By Advocate Nadene Badenhorst, Legal Counsel of FOR SA
A ministerial dialogue with religious leaders took place in Johannesburg on 26 September, and in Cape Town on 23 October, to discuss the development of a marriage policy in South Africa. Both events were well attended and participated in by hundreds of religious leaders from across the faith spectrum, with Freedom of Religion South Africa (FOR SA) participating in both events.
The purpose of the proposed policy is to pave the way for a single marriage law that would consolidate all the different laws that currently regulate the different kinds of marriages in South Africa, and also deal with the marriages that are currently not regulated by any law, into one piece of legislation. (For more about the purpose of and reasons for the proposed marriage policy, see our previous article and video clip).
In both Johannesburg and Cape Town, the Minister of Home Affairs (Dr Aaron Motsoaledi) addressed religious leaders with regard to the proposed policy and answered (some of) their questions. He explained that the policy would recognise that as South Africans, we live in a diverse society where people have different cultures, religions and gender orientations. As such, the policy would give effect to the constitutional principles of equality, “no discrimination” and human dignity.
Implications for religious marriage officers
At both events, it was evident that a major question and concern for many religious leaders from across the faith spectrum, was whether government would – through the new policy, and ultimately the new marriage law – force religious marriage officers to solemnise unions or marriages that do not accord with their religious convictions and beliefs (e.g. polygamous, or same-sex unions or marriages)?
In this regard, FOR SA clearly stated that the starting point for any new policy, or change to existing policy, is the Constitution. Sections 9, 15, 18 and 31 of the Constitution grant religious organisations a right to institutional autonomy. This means that religious organisations may not be forced to act against their conscience and belief, including the solemnisation of any union or marriage that goes against their conscience, religion and belief. This was also confirmed by the Constitutional Court in Minister of Home Affairs v Fourie (the case that legalised same-sex marriage in 2005), in which the Court stated that “acknowledgement by the state of the right of same-sex couples to enjoy the same status, entitlements and responsibilities as marriage law accords to heterosexual couples, is in no way inconsistent with the rights of religious organisations to continue to refuse to celebrate same-sex marriages” (para ). FOR SA thus appealed to the Minister not to force religious marriage officers to act against their conscience, religion and belief as this would violate the Constitution.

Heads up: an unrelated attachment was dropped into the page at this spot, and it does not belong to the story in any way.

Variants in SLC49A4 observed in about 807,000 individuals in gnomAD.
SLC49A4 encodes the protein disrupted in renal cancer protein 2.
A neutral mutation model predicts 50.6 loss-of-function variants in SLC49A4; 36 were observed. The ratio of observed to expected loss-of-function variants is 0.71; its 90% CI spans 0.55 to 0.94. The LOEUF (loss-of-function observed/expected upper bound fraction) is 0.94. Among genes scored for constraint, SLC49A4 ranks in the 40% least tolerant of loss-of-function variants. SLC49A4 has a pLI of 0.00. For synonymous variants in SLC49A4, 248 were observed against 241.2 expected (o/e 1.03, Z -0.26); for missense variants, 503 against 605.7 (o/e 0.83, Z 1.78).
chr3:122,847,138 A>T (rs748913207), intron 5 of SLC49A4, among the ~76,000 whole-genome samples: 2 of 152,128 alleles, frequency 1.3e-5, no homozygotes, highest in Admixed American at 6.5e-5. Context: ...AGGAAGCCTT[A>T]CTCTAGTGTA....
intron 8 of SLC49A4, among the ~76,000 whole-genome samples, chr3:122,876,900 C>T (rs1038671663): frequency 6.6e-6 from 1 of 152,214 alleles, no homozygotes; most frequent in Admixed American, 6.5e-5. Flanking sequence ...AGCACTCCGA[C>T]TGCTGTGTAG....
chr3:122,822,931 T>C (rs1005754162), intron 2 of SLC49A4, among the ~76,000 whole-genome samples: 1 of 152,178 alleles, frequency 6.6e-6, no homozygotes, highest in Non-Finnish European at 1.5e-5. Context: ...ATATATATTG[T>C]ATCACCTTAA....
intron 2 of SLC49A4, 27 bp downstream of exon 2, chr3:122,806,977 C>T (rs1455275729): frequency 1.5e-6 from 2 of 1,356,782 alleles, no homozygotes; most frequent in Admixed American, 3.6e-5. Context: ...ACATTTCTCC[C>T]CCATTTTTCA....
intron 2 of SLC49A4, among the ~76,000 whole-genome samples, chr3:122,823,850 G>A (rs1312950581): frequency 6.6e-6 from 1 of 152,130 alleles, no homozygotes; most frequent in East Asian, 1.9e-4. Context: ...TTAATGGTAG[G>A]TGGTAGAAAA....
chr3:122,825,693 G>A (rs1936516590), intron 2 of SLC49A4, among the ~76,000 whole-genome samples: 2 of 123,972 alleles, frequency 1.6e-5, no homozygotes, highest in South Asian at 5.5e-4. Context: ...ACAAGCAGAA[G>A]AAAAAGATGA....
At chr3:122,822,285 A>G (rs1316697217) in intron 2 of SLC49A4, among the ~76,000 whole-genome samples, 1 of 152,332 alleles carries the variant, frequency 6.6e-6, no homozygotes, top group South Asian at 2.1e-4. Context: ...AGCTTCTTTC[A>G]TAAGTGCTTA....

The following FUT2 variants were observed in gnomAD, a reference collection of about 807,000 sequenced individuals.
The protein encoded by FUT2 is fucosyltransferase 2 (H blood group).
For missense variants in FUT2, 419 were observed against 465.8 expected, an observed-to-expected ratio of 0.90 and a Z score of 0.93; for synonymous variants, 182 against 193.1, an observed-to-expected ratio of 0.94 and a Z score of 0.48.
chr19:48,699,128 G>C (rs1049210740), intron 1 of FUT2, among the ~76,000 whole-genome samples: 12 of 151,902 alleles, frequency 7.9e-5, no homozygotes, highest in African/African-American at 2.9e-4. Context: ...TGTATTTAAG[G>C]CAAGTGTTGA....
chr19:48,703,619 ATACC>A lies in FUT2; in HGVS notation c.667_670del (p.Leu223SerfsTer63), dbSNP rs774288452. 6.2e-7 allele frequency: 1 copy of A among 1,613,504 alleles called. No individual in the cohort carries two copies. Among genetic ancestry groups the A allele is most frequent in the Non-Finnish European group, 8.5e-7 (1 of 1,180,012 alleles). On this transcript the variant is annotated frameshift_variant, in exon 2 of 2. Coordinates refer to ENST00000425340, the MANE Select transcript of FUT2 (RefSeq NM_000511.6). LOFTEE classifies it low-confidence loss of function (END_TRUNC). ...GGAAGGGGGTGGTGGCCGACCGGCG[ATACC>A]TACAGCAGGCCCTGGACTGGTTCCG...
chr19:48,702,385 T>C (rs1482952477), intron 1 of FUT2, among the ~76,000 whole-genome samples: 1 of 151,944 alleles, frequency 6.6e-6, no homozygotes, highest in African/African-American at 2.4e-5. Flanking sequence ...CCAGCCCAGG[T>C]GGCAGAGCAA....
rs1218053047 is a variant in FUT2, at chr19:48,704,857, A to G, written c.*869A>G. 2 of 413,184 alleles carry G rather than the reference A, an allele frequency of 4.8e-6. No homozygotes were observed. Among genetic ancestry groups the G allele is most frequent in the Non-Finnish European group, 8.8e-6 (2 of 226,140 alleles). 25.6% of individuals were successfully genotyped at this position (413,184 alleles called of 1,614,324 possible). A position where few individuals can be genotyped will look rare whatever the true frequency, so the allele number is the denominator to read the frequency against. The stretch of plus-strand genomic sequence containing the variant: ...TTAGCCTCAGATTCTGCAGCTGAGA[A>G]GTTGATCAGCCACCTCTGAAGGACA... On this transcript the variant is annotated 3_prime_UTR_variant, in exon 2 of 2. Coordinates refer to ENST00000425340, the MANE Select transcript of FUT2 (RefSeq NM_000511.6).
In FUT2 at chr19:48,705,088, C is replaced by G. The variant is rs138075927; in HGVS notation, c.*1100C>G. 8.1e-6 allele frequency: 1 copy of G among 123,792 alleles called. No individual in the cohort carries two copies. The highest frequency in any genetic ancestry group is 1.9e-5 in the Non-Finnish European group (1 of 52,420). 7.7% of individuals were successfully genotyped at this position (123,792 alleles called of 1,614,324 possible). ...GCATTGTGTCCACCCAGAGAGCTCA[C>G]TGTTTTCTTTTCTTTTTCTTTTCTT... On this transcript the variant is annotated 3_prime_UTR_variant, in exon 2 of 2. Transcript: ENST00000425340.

In reply to the questions and concerns in this regard, the Minister assured religious leaders that he was not there to impose on religious leaders, or to change their religious beliefs. In the Minister’s own words, “I want to ensure you that freedom of religion is assured”. For many religious leaders, this assurance may have been cold comfort however – particularly in light of the Minister’s concluding statement (during his speech in Cape Town) that the Department will not force religious leaders to solemnise marriages against their conscience, religion and belief, but that “someone is going to take you to Court to force you”.
The meetings were consultative in nature, and no decisions were taken. Similar dialogues are being held with other groups, including gender and human rights activists (which has already taken place on 30 August) and with academics and think-tanks (on 14 November, where FOR SA will again be one of the panel speakers). FOR SA will continue to monitor and report on developments.
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